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Load my own Geoimage

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I have a full survey done, which includes a high resolution, geotagged image (map). How can I load it instead of having to rely on third party web services? The image is a Geotiff. 

 

Thanks!

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To import a georeferenced image:

1.      Select File > Document Settings > Units and set the document units to match the units of the image to be imported. For example, if the image’s units are meters, set the Vectorworks document units to meters.

2.      Select the command and then the image file for import.

If a world file is associated with the image file, the image is automatically imported, translated, and scaled according to the document units you set in Step 1. The current view changes to Fit to Objects, so the imported image is visible.

To import an image without its associated world file scaling and translation, either rename the associated world file, or move it to a different folder.

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I'm not in front of the computer right now  (well, I am in front of a computer but not the right one 😛). I will double check later. I did all that. I have the terrain loaded (shape file), everything is georeferenced and using the exact same coordinate system (it all came from the same GIS package). The document's origin is set to the proper coordinates. All geodata is loaded correctly and in the proper places. The only issue is when trying to load the (map) texture. The image, which is a standalone TIFF file (Geotiff), seems to load with the proper scale though its position doesn't match. I also saw something about "cannot apply texture to object", or something to that effect. All I want is to map the image as a texture to the terrain model.

 

Also, I should notice that all this takes for ever. Once the terrain is loaded, everything bogs down. The model isn't that large (I cropped it down to 4 acres with 2' contours). This computer has gobs of memory, 16 CPU cores and 4 GPUs. I can load scenes with orders of magnitude more faces and textures and have it loaded, manipulated and raytraced in seconds when using other applications for instance.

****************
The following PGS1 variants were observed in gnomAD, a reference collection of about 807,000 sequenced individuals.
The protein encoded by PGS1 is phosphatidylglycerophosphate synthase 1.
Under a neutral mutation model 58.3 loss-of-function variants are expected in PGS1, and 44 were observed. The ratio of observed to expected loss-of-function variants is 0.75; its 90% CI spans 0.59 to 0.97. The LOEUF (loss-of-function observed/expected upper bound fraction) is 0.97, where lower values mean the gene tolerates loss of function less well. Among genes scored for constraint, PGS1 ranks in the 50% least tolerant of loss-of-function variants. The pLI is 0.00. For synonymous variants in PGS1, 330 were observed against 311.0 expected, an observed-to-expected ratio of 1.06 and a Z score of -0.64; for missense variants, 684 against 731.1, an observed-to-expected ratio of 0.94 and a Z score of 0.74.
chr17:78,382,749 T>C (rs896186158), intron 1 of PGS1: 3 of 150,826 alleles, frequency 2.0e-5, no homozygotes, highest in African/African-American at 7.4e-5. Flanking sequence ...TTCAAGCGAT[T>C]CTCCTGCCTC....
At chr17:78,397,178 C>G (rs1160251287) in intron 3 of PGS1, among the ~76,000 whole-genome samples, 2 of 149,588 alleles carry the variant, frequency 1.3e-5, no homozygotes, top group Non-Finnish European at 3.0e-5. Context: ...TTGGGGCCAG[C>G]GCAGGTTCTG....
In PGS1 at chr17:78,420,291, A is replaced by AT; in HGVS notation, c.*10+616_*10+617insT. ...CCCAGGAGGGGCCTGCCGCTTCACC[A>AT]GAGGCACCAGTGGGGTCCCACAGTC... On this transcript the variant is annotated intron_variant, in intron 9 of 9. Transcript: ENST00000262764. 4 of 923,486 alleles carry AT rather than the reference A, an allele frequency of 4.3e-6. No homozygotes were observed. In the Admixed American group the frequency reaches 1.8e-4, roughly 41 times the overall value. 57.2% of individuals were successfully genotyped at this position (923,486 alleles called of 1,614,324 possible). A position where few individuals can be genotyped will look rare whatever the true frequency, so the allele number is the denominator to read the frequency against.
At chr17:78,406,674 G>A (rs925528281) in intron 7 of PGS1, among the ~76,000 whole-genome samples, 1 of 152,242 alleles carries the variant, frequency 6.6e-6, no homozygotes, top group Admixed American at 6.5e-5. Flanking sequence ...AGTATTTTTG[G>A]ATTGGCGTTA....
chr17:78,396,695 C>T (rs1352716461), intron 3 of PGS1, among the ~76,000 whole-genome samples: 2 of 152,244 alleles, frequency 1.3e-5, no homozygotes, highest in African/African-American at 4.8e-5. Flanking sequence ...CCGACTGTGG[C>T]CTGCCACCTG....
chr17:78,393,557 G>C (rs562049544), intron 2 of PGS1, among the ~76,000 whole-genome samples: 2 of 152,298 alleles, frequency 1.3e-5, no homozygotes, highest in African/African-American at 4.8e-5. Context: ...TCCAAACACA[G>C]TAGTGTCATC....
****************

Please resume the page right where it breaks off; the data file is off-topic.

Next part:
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You will need to take your image and use it to create a texture from your resource manager. As for the origins not lining up I would have to see the files to make a determination about what is going on there.

 

With your machine getting slowed down. This is not too uncommon with digital terrain models. There are ways to improve performance and one of those is to adjust your internal origin. This changes the origin only in your file and does not impact when exporting information back to other users.

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Ok, I went back and started from scratch to make sure the whole process was controlled. 

 

Within GIS, I loaded the terrain (DEM TIFF), generated a Contour (SHP) from the DEM file and loaded the photo mosaic (TIFF). I created a cropping mask and cropped a small region so I didn't have to deal with a large data set. Note that adding all these layers, which all use the same coordinate system, all line up fine within GIS. This is the cropped result within GIS. You have the photomosaic and the contours overlaid (the DEM is underneath and not visible):

 

1324302720_Annotation2020-04-18154952.thumb.png.04b1cc99161c62043fc86a1d2bb40a41.png

 

Within VW, I created a blank plan, changed the units to meters and set the georeference origin. I then proceeded to load the contour shape file, which loaded where it should (0,0) and with the proper dimensions.

 

1965376289_Annotation2020-04-18154537.thumb.png.cad2d616c91c585140a21c0dcef78915.png

 

After that I proceeded to load an "image" (the photomosaic geotiff). The image loading dialog does not offer any option related to georeference. It doesn't ask to use the embedded coordinate system or assign something else as it does when loading a shape file. The image is loaded but its origin is not adjusted. It ends up thousands of miles away:

 

699532999_Annotation2020-04-18154651.thumb.png.29746eb570423b62c5ab6b057e75a4b8.png

 

 

Quote

You will need to take your image and use it to create a texture from your resource manager.

 

 

That makes sense. Provided it uses the embedded georeference to map it to the terrain. Is that documented anywhere?

 

Thanks!

 

g

 

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